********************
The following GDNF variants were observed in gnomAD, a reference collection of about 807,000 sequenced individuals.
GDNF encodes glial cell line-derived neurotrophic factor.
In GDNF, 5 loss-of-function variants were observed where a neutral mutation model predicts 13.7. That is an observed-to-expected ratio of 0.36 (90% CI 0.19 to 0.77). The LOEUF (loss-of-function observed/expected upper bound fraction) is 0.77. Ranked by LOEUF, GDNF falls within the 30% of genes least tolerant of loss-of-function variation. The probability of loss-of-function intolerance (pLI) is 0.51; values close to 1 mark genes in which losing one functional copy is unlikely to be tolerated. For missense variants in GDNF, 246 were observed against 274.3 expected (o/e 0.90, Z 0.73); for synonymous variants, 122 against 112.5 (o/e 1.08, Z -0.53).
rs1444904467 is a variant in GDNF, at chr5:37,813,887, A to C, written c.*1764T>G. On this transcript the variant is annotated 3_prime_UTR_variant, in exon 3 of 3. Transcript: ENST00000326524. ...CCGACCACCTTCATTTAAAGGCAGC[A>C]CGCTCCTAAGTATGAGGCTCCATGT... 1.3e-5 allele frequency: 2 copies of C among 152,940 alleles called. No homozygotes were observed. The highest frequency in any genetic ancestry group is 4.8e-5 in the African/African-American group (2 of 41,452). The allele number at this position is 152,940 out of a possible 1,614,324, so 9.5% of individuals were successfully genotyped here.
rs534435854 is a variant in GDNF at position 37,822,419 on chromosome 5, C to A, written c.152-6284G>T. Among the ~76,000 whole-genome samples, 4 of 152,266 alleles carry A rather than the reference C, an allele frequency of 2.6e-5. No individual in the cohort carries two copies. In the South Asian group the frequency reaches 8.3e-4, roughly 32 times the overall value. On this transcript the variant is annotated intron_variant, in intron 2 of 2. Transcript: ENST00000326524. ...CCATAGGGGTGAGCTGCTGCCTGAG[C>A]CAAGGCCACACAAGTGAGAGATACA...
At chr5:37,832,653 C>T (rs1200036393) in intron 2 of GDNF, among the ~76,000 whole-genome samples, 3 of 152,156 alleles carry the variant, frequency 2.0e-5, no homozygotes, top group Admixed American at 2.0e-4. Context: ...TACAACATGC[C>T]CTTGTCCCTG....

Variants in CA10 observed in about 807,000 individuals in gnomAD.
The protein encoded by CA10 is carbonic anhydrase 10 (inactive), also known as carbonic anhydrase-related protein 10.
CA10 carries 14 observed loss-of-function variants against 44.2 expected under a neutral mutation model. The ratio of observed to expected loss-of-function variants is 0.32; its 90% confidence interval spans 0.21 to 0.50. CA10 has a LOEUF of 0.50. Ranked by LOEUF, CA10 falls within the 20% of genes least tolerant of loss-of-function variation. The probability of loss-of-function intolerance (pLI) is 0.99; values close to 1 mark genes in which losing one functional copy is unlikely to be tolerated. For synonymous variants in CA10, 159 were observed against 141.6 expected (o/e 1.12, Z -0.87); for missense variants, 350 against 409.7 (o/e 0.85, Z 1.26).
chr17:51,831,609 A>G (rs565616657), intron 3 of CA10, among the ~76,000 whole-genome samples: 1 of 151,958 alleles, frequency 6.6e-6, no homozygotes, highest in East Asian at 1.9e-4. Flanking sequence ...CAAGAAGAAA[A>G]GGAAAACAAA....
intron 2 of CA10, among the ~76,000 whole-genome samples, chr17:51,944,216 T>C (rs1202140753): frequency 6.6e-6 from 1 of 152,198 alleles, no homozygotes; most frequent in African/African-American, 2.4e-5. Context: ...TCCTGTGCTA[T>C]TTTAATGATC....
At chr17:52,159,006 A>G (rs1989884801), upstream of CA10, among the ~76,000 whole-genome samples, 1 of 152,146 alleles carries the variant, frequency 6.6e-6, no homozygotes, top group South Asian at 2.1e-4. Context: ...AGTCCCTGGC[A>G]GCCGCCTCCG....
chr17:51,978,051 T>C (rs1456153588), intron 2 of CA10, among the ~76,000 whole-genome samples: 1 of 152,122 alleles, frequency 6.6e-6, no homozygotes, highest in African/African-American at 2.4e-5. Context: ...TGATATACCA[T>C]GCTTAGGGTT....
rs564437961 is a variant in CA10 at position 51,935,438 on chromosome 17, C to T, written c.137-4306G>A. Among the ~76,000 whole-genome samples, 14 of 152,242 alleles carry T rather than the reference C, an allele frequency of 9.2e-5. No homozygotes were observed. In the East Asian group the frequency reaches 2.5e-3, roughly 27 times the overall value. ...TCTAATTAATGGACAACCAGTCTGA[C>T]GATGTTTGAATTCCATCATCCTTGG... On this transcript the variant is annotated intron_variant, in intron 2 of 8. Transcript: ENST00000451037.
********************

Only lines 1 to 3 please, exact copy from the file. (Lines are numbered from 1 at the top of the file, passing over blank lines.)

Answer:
The following GDNF variants were observed in gnomAD, a reference collection of about 807,000 sequenced individuals.
GDNF encodes glial cell line-derived neurotrophic factor.
In GDNF, 5 loss-of-function variants were observed where a neutral mutation model predicts 13.7. That is an observed-to-expected ratio of 0.36 (90% CI 0.19 to 0.77). The LOEUF (loss-of-function observed/expected upper bound fraction) is 0.77. Ranked by LOEUF, GDNF falls within the 30% of genes least tolerant of loss-of-function variation. The probability of loss-of-function intolerance (pLI) is 0.51; values close to 1 mark genes in which losing one functional copy is unlikely to be tolerated. For missense variants in GDNF, 246 were observed against 274.3 expected (o/e 0.90, Z 0.73); for synonymous variants, 122 against 112.5 (o/e 1.08, Z -0.53).